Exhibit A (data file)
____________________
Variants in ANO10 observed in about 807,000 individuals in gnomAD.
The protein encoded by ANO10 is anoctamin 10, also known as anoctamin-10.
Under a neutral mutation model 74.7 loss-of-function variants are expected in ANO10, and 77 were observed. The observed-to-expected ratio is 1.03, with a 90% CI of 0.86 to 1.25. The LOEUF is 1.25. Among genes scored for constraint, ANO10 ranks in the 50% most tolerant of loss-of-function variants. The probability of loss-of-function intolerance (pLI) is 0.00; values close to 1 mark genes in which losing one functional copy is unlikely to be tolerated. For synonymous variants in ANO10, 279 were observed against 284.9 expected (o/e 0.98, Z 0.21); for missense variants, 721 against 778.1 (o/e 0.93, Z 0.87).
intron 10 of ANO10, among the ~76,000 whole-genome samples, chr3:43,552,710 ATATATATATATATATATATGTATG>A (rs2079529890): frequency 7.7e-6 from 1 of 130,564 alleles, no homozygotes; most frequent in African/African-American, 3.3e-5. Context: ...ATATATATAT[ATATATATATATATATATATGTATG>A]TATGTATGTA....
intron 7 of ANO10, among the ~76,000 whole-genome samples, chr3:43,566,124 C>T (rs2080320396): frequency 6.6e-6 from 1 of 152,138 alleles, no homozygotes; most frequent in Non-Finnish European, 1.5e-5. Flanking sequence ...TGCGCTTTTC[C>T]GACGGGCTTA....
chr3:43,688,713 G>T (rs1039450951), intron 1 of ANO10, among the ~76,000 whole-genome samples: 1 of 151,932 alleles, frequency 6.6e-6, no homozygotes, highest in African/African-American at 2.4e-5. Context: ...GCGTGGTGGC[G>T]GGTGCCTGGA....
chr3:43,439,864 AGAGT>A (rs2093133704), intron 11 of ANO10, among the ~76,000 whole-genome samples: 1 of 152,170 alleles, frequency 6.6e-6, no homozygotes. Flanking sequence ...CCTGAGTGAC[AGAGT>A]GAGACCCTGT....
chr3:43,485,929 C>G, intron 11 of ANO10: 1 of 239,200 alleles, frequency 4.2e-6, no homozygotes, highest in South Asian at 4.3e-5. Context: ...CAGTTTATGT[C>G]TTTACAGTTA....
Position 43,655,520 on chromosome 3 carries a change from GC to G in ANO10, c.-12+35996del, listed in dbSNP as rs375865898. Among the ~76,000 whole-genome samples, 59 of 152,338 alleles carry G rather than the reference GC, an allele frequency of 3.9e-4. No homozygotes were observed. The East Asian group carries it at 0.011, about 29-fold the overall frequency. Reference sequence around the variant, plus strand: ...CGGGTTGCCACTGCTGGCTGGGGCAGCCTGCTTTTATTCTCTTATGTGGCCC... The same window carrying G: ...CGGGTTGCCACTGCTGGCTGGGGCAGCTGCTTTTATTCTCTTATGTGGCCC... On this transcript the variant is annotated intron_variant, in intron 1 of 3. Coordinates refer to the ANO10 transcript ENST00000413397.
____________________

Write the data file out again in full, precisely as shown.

Variants in ANO10 observed in about 807,000 individuals in gnomAD.
The protein encoded by ANO10 is anoctamin 10, also known as anoctamin-10.
Under a neutral mutation model 74.7 loss-of-function variants are expected in ANO10, and 77 were observed. The observed-to-expected ratio is 1.03, with a 90% CI of 0.86 to 1.25. The LOEUF is 1.25. Among genes scored for constraint, ANO10 ranks in the 50% most tolerant of loss-of-function variants. The probability of loss-of-function intolerance (pLI) is 0.00; values close to 1 mark genes in which losing one functional copy is unlikely to be tolerated. For synonymous variants in ANO10, 279 were observed against 284.9 expected (o/e 0.98, Z 0.21); for missense variants, 721 against 778.1 (o/e 0.93, Z 0.87).
intron 10 of ANO10, among the ~76,000 whole-genome samples, chr3:43,552,710 ATATATATATATATATATATGTATG>A (rs2079529890): frequency 7.7e-6 from 1 of 130,564 alleles, no homozygotes; most frequent in African/African-American, 3.3e-5. Context: ...ATATATATAT[ATATATATATATATATATATGTATG>A]TATGTATGTA....
intron 7 of ANO10, among the ~76,000 whole-genome samples, chr3:43,566,124 C>T (rs2080320396): frequency 6.6e-6 from 1 of 152,138 alleles, no homozygotes; most frequent in Non-Finnish European, 1.5e-5. Flanking sequence ...TGCGCTTTTC[C>T]GACGGGCTTA....
chr3:43,688,713 G>T (rs1039450951), intron 1 of ANO10, among the ~76,000 whole-genome samples: 1 of 151,932 alleles, frequency 6.6e-6, no homozygotes, highest in African/African-American at 2.4e-5. Context: ...GCGTGGTGGC[G>T]GGTGCCTGGA....
chr3:43,439,864 AGAGT>A (rs2093133704), intron 11 of ANO10, among the ~76,000 whole-genome samples: 1 of 152,170 alleles, frequency 6.6e-6, no homozygotes. Flanking sequence ...CCTGAGTGAC[AGAGT>A]GAGACCCTGT....
chr3:43,485,929 C>G, intron 11 of ANO10: 1 of 239,200 alleles, frequency 4.2e-6, no homozygotes, highest in South Asian at 4.3e-5. Context: ...CAGTTTATGT[C>G]TTTACAGTTA....
Position 43,655,520 on chromosome 3 carries a change from GC to G in ANO10, c.-12+35996del, listed in dbSNP as rs375865898. Among the ~76,000 whole-genome samples, 59 of 152,338 alleles carry G rather than the reference GC, an allele frequency of 3.9e-4. No homozygotes were observed. The East Asian group carries it at 0.011, about 29-fold the overall frequency. Reference sequence around the variant, plus strand: ...CGGGTTGCCACTGCTGGCTGGGGCAGCCTGCTTTTATTCTCTTATGTGGCCC... The same window carrying G: ...CGGGTTGCCACTGCTGGCTGGGGCAGCTGCTTTTATTCTCTTATGTGGCCC... On this transcript the variant is annotated intron_variant, in intron 1 of 3. Coordinates refer to the ANO10 transcript ENST00000413397.